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New Hampshire Solves Power of Attorney Issue

In New Hampshire—as in other parts of the country—health care providers had no legal authority to provide medical care except in emergencies to an incapacitated patient without the consent of a legally authorized adult. A New Hampshire law enacted last year solved this issue by providing a default mechanism to name an agent when the patient has no living will or DPOAHC. This can also be used when the original documents can’t be found or when there is a valid DPOAHC but the authorized agent is not available.

As explains in “Money Matters: NH health surrogacy laws,” this person is known as a surrogate decision-maker. He or she has the same authority as an agent named in a durable power of attorney for health care. The degrees of family relationship that determine how a surrogate is chosen are in the following priority order:

  1. Spouse, civil union partner, or common law spouse (if no divorce proceeding, separation agreement or restraining order);

  2. An adult son or daughter of the patient;

  3. A parent of the patient;

  4. An adult sibling of the patient;

  5. An adult grandchild of the patient;

  6. A grandparent of the patient;

  7. An adult aunt, uncle, niece, or nephew of the patient;

  8. A close friend to the patient;

  9. An agent with financial power of attorney or a conservator; or

  10. The guardian of the patient’s estate.

If there’s more than one surrogate candidate at the same priority level, it becomes their combined responsibility to make a reasonable effort to come to a decision on their loved one’s care. The start of a guardian proceeding places the surrogate’s authority on hold until the outcome of that hearing. Once named, a surrogate may act up to 90 days. This ability terminates if:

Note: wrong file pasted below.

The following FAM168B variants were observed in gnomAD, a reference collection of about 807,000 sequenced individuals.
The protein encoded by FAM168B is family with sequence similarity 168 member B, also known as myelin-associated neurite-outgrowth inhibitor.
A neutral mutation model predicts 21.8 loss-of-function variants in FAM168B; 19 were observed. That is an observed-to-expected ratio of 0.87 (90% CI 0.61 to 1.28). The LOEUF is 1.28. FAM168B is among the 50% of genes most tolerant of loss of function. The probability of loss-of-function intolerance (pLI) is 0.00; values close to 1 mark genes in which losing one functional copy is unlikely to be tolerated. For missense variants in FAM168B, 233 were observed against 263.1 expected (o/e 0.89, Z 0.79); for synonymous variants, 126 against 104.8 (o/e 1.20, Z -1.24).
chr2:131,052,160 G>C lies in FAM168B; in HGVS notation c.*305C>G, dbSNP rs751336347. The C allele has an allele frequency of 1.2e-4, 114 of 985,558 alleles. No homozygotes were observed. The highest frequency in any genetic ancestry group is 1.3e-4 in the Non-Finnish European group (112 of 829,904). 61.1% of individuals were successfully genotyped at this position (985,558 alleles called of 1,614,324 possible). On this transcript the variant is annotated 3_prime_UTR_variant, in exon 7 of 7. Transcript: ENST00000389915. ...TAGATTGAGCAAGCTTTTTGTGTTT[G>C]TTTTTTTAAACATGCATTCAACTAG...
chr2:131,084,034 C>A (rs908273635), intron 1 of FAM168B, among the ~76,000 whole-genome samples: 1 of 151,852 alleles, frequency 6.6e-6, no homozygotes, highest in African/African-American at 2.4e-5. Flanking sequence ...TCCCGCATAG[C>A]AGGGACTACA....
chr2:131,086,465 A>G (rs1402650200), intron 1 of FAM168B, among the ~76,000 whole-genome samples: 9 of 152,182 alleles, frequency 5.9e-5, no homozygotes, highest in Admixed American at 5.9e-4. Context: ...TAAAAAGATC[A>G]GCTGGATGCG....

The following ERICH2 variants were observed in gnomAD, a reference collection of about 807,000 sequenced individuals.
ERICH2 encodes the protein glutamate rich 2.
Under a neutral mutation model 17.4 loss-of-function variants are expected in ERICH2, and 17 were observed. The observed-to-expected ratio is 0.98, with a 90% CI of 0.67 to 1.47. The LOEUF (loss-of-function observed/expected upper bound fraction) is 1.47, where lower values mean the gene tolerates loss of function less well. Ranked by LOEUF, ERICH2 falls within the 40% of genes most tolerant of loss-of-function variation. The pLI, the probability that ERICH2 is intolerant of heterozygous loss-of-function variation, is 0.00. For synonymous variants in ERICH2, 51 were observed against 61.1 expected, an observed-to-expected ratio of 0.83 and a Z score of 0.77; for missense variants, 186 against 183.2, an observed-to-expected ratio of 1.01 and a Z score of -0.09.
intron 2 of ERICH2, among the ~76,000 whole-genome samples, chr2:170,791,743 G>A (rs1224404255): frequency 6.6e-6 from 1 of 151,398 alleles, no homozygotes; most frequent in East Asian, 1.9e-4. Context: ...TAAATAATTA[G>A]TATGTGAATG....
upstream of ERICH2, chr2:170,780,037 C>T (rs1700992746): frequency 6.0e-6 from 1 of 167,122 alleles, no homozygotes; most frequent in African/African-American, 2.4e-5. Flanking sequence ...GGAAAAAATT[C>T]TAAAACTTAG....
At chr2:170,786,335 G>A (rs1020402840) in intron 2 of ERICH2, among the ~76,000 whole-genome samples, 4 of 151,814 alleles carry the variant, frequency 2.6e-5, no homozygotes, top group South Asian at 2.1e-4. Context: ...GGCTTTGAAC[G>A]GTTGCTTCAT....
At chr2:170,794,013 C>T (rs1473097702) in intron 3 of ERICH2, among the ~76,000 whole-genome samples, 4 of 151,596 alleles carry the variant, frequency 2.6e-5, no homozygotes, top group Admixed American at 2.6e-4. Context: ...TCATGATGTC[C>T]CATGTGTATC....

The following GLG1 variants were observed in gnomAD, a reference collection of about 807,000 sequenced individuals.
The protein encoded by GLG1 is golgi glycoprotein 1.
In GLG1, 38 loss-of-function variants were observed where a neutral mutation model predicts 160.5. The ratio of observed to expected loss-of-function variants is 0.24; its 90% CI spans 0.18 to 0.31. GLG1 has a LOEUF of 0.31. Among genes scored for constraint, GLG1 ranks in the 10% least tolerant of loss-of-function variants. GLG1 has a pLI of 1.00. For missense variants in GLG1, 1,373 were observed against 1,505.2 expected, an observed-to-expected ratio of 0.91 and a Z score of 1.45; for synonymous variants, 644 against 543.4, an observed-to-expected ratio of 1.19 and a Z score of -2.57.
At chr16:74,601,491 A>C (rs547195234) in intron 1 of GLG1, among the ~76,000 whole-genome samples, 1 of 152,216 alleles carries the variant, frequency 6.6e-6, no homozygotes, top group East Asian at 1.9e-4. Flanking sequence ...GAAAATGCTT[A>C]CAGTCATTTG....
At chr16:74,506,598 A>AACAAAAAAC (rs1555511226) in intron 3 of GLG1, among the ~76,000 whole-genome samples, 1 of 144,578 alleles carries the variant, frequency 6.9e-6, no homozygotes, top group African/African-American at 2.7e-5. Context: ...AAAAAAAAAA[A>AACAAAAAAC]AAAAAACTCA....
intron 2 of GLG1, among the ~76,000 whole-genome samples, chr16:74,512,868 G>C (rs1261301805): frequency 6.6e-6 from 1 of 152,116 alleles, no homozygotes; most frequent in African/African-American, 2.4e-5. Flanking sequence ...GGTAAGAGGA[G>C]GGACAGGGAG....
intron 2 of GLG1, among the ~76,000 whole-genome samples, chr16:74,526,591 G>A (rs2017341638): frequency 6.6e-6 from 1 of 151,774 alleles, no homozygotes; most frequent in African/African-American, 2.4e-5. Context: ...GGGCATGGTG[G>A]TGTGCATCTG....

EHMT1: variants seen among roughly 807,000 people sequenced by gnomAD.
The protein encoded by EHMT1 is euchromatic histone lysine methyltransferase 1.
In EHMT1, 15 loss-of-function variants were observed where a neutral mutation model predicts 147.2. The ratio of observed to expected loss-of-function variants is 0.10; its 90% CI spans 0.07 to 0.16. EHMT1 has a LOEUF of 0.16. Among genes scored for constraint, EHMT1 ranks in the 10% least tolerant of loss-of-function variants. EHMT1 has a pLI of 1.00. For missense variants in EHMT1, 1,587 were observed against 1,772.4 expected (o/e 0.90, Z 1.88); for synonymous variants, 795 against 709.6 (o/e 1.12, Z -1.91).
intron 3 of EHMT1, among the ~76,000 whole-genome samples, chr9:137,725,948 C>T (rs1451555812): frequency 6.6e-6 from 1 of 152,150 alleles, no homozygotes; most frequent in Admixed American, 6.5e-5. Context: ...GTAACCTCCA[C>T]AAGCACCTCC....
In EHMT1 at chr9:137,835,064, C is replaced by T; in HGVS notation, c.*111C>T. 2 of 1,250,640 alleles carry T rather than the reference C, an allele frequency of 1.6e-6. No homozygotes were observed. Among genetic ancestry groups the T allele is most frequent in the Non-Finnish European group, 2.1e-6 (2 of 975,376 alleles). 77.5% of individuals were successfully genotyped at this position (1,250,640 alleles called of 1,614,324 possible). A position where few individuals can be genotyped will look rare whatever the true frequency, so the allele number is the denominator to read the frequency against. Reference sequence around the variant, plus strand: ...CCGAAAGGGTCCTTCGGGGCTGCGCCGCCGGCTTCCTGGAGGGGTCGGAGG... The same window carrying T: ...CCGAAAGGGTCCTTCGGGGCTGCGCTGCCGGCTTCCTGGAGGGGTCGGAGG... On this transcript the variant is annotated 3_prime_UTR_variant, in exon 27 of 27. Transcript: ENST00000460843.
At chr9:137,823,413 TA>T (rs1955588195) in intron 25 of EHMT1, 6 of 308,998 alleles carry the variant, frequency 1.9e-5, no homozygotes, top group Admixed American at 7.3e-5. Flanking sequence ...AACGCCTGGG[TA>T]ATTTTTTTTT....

1. The patient regains health;

  2. A guardian is appointed; or

  3. The patient is near death.

A patient may always reject the surrogate, and even though there are default provisions in place, healthcare providers must still undertake “reasonable inquiries” as to whether the patient has an existing guardian or authorized agent under DPOAHC. If they don’t find any, they may identify a surrogate. At that point, the provider names the surrogate and that person is recorded in the patient’s medical records. The physician may revoke the surrogacy if the surrogate is unwilling or can’t act.

If a person does decide to prepare a DPOAHC, then the selections need to be reviewed regularly. This is an important document to have, so discuss its ramifications with an estate planning attorney and ask about other estate planning documents such as wills, durable powers of attorney for finances, and perhaps a trust.

Reference: (March 3, 2016) “Money Matters: NH health surrogacy laws”

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